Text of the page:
I’ve had a love affair with black + white imagery for as long as I can remember. I remember taking my favorite prints and converting them to sepia on drug store photo machines back in the 90’s! I’d like to think my conversions have come a long way since those days but my love for them hasn’t changed. Black + white imagery creates a mood and feeling that has a way of touching my soul in a way that nothing else can.
When I first started photography I didn’t have a deep understanding of what made a powerful black and white image. Often the images I chose to convert were images I struggled to edit when they were in color. What I’ve discovered is this: An image with poor lighting that doesn’t look that great in color isn’t going to look that great in black and white either. A great image is a great image. I know, I know…not a huge epiphany, but so important! Once I wrapped my brain around this, my black and white edits improved drastically. I started intentionally considering what an image would look like in black + white while I was shooting, which greatly improved my conversions. Here is what I’ve learned:
Light: First and foremost, lighting is key. To get a really rich black + white edit you have to have good light. I prefer light that is soft and indirect for my black and white edits (purely personal preference). When shooting outdoors I like to shoot out of direct sunlight. If you can shoot during the golden hour, but away from the sun, you can find really nice soft light that produces a rich edit. When indoors, I like to place my subject near a window that has soft light coming through. A little light goes a long way with a black + white edit.
Mood: A black + white image is all about how an image makes you feel. I want to capture my subject with authentic emotion or engaged in some sort of natural activity. I’m looking to capture who my subject is in that moment and the emotions that were present at that time.
Texture: Consider the textures in your image. I often dress my kids in a variety of texture when I know I’ll be photographing them, but you can incorporate many things into a photo to add texture (knit blankets, long grass, trees, leaves, a dirty face even works) I especially consider texture if I don’t have much light to work with. I live in MN and there are times in the winter we just don’t see sun for awhile. If I’m really wanting a black and white and there is no interesting light to be found, I try really hard to incorporate interesting texture.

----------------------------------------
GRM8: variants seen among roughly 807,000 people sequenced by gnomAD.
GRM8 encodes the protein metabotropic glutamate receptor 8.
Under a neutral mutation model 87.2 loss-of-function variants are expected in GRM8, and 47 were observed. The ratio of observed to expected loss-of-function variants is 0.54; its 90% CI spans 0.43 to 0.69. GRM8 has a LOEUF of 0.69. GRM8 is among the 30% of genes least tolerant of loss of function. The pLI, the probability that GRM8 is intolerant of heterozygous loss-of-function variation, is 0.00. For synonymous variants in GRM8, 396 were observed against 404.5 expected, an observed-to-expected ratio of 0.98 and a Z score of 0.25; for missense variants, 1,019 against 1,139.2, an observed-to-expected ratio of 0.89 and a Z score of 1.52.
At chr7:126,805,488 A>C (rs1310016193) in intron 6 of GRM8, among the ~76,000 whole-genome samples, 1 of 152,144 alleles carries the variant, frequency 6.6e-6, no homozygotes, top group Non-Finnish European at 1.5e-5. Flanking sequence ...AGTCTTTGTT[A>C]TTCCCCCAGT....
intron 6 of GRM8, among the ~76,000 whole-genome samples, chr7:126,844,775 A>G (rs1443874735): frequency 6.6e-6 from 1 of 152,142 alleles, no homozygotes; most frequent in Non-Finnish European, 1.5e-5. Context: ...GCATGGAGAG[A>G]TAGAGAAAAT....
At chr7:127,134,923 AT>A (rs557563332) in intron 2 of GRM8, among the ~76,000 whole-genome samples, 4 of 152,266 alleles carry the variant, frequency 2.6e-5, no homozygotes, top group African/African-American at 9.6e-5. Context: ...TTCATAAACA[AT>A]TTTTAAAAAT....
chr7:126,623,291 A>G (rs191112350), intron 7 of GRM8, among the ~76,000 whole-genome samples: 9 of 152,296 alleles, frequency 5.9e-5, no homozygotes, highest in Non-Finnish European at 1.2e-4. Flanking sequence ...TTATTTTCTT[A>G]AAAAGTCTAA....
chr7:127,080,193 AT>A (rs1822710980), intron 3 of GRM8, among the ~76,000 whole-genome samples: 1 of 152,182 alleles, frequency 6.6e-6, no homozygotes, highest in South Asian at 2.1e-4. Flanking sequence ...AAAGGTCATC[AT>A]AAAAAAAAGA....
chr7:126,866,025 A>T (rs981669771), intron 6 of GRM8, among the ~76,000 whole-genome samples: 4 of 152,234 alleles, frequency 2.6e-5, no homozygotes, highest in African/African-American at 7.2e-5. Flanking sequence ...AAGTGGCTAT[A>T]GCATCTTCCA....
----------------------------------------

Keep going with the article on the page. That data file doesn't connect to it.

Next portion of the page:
A good mixture of blacks, whites + grays: I always shoot in color and it’s sometimes hard to tell what images are going to give you a nice mix of blacks, whites + grays. After shooting, I load my images into Lightroom and complete a quick conversion to black + white on images I think I might want to convert. Don’t stress when you first look at them, RAW images are not going to instantly look good in black + white. They’ll look drab and flat. But, it’s a good starting point to see if there is potential.
Here is a quick peek into how I make my conversions come to life:
I hand edit all of my black + white images. I do the majority of my work in Lightroom and always start by pulling the shadows up as much as the image can handle. From there I add as much contrast as I can while still maintaining a natural look, careful not to create a harsh looking image. I usually need to decrease the exposure a bit as well. I go to the color sliders and start sliding them around until things look right.
I’m obsessed with the brush tool in Lightroom and do most of my work with the brush. I basically brush on shadows and highlights like makeup to really highlight where the sun is hitting the subject. I then pull the image into Photoshop to clean up any distractions I don’t want. I usually make a soft light layer and apply it at about 10%. I bring it back to Lightroom and bump the contrast up just a bit more, lower the mid-tones and increase highlights just a tad to finish it off. I have to say there is nothing that excites me more than a beautiful black + white image that turns out just as I envisioned. It’s just good for the soul!
xoxo, Holly G. @holly.grams
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